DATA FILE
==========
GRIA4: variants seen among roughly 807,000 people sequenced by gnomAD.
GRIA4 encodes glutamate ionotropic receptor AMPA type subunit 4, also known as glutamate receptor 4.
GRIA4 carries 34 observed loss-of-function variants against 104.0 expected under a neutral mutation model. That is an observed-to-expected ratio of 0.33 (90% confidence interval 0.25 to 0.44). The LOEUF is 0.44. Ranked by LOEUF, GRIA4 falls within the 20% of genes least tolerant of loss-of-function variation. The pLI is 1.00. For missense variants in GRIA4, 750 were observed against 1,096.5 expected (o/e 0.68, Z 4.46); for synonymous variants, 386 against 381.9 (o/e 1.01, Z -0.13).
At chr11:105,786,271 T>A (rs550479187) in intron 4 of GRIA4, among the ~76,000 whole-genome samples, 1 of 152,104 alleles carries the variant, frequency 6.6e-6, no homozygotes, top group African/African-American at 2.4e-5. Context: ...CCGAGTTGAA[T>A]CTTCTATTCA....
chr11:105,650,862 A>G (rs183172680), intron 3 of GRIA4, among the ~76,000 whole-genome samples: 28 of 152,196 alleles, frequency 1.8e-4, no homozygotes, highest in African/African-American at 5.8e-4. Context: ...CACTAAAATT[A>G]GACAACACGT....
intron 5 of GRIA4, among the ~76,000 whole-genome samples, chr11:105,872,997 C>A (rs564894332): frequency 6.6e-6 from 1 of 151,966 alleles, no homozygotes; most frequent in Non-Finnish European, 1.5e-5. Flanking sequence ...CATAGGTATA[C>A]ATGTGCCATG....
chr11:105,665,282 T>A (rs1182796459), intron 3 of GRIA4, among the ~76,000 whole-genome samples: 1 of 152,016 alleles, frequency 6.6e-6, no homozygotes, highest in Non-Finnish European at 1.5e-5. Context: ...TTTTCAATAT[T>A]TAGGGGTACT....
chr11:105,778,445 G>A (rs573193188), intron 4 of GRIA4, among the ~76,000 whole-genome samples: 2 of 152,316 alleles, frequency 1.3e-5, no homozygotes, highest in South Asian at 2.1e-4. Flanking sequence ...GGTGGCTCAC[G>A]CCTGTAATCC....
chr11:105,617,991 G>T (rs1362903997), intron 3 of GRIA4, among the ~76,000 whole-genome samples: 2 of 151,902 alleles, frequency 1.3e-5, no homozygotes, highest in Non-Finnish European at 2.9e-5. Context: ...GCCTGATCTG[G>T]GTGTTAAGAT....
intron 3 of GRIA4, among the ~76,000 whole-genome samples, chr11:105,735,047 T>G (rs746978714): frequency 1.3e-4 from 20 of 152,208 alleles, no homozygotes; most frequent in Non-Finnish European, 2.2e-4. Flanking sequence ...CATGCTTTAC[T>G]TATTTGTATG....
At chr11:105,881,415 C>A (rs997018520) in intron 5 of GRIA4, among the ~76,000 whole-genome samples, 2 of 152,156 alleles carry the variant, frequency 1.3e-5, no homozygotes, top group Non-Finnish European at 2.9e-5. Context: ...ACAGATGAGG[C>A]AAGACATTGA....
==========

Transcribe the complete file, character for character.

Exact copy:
GRIA4: variants seen among roughly 807,000 people sequenced by gnomAD.
GRIA4 encodes glutamate ionotropic receptor AMPA type subunit 4, also known as glutamate receptor 4.
GRIA4 carries 34 observed loss-of-function variants against 104.0 expected under a neutral mutation model. That is an observed-to-expected ratio of 0.33 (90% confidence interval 0.25 to 0.44). The LOEUF is 0.44. Ranked by LOEUF, GRIA4 falls within the 20% of genes least tolerant of loss-of-function variation. The pLI is 1.00. For missense variants in GRIA4, 750 were observed against 1,096.5 expected (o/e 0.68, Z 4.46); for synonymous variants, 386 against 381.9 (o/e 1.01, Z -0.13).
At chr11:105,786,271 T>A (rs550479187) in intron 4 of GRIA4, among the ~76,000 whole-genome samples, 1 of 152,104 alleles carries the variant, frequency 6.6e-6, no homozygotes, top group African/African-American at 2.4e-5. Context: ...CCGAGTTGAA[T>A]CTTCTATTCA....
chr11:105,650,862 A>G (rs183172680), intron 3 of GRIA4, among the ~76,000 whole-genome samples: 28 of 152,196 alleles, frequency 1.8e-4, no homozygotes, highest in African/African-American at 5.8e-4. Context: ...CACTAAAATT[A>G]GACAACACGT....
intron 5 of GRIA4, among the ~76,000 whole-genome samples, chr11:105,872,997 C>A (rs564894332): frequency 6.6e-6 from 1 of 151,966 alleles, no homozygotes; most frequent in Non-Finnish European, 1.5e-5. Flanking sequence ...CATAGGTATA[C>A]ATGTGCCATG....
chr11:105,665,282 T>A (rs1182796459), intron 3 of GRIA4, among the ~76,000 whole-genome samples: 1 of 152,016 alleles, frequency 6.6e-6, no homozygotes, highest in Non-Finnish European at 1.5e-5. Context: ...TTTTCAATAT[T>A]TAGGGGTACT....
chr11:105,778,445 G>A (rs573193188), intron 4 of GRIA4, among the ~76,000 whole-genome samples: 2 of 152,316 alleles, frequency 1.3e-5, no homozygotes, highest in South Asian at 2.1e-4. Flanking sequence ...GGTGGCTCAC[G>A]CCTGTAATCC....
chr11:105,617,991 G>T (rs1362903997), intron 3 of GRIA4, among the ~76,000 whole-genome samples: 2 of 151,902 alleles, frequency 1.3e-5, no homozygotes, highest in Non-Finnish European at 2.9e-5. Context: ...GCCTGATCTG[G>T]GTGTTAAGAT....
intron 3 of GRIA4, among the ~76,000 whole-genome samples, chr11:105,735,047 T>G (rs746978714): frequency 1.3e-4 from 20 of 152,208 alleles, no homozygotes; most frequent in Non-Finnish European, 2.2e-4. Flanking sequence ...CATGCTTTAC[T>G]TATTTGTATG....
At chr11:105,881,415 C>A (rs997018520) in intron 5 of GRIA4, among the ~76,000 whole-genome samples, 2 of 152,156 alleles carry the variant, frequency 1.3e-5, no homozygotes, top group Non-Finnish European at 2.9e-5. Context: ...ACAGATGAGG[C>A]AAGACATTGA....